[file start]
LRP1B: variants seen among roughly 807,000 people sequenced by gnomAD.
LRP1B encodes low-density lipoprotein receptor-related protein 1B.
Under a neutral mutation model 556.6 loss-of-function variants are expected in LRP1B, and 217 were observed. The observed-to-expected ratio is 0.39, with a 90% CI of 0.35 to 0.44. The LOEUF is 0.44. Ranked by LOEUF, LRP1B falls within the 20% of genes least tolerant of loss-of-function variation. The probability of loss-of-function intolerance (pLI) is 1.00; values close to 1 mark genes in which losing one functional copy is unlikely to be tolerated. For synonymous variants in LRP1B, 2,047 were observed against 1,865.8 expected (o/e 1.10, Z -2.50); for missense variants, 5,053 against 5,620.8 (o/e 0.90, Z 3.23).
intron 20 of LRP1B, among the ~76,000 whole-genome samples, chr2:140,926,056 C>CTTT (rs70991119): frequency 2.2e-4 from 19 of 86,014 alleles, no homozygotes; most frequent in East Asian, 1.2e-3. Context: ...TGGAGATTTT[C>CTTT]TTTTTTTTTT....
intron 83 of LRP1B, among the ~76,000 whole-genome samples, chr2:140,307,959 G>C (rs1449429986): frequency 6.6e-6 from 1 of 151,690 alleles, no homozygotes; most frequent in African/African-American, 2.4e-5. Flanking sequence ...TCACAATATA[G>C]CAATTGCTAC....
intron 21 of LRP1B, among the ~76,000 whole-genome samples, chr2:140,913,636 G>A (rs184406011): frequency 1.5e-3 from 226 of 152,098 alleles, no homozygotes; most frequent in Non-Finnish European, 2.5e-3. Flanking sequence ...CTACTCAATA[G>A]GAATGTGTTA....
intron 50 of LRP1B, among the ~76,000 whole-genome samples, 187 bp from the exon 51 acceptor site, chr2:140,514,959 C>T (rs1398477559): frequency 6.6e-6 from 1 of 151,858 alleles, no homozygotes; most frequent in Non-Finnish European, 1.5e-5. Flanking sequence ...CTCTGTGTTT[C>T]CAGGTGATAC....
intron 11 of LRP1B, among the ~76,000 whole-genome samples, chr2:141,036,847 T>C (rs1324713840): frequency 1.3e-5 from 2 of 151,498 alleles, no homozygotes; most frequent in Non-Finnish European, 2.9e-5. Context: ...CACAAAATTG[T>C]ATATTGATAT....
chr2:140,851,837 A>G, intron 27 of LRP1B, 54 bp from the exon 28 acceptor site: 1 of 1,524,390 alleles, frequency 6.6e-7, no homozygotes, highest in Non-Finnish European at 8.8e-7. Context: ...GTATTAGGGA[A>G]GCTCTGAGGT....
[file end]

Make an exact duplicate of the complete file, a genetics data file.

LRP1B: variants seen among roughly 807,000 people sequenced by gnomAD.
LRP1B encodes low-density lipoprotein receptor-related protein 1B.
Under a neutral mutation model 556.6 loss-of-function variants are expected in LRP1B, and 217 were observed. The observed-to-expected ratio is 0.39, with a 90% CI of 0.35 to 0.44. The LOEUF is 0.44. Ranked by LOEUF, LRP1B falls within the 20% of genes least tolerant of loss-of-function variation. The probability of loss-of-function intolerance (pLI) is 1.00; values close to 1 mark genes in which losing one functional copy is unlikely to be tolerated. For synonymous variants in LRP1B, 2,047 were observed against 1,865.8 expected (o/e 1.10, Z -2.50); for missense variants, 5,053 against 5,620.8 (o/e 0.90, Z 3.23).
intron 20 of LRP1B, among the ~76,000 whole-genome samples, chr2:140,926,056 C>CTTT (rs70991119): frequency 2.2e-4 from 19 of 86,014 alleles, no homozygotes; most frequent in East Asian, 1.2e-3. Context: ...TGGAGATTTT[C>CTTT]TTTTTTTTTT....
intron 83 of LRP1B, among the ~76,000 whole-genome samples, chr2:140,307,959 G>C (rs1449429986): frequency 6.6e-6 from 1 of 151,690 alleles, no homozygotes; most frequent in African/African-American, 2.4e-5. Flanking sequence ...TCACAATATA[G>C]CAATTGCTAC....
intron 21 of LRP1B, among the ~76,000 whole-genome samples, chr2:140,913,636 G>A (rs184406011): frequency 1.5e-3 from 226 of 152,098 alleles, no homozygotes; most frequent in Non-Finnish European, 2.5e-3. Flanking sequence ...CTACTCAATA[G>A]GAATGTGTTA....
intron 50 of LRP1B, among the ~76,000 whole-genome samples, 187 bp from the exon 51 acceptor site, chr2:140,514,959 C>T (rs1398477559): frequency 6.6e-6 from 1 of 151,858 alleles, no homozygotes; most frequent in Non-Finnish European, 1.5e-5. Flanking sequence ...CTCTGTGTTT[C>T]CAGGTGATAC....
intron 11 of LRP1B, among the ~76,000 whole-genome samples, chr2:141,036,847 T>C (rs1324713840): frequency 1.3e-5 from 2 of 151,498 alleles, no homozygotes; most frequent in Non-Finnish European, 2.9e-5. Context: ...CACAAAATTG[T>C]ATATTGATAT....
chr2:140,851,837 A>G, intron 27 of LRP1B, 54 bp from the exon 28 acceptor site: 1 of 1,524,390 alleles, frequency 6.6e-7, no homozygotes, highest in Non-Finnish European at 8.8e-7. Context: ...GTATTAGGGA[A>G]GCTCTGAGGT....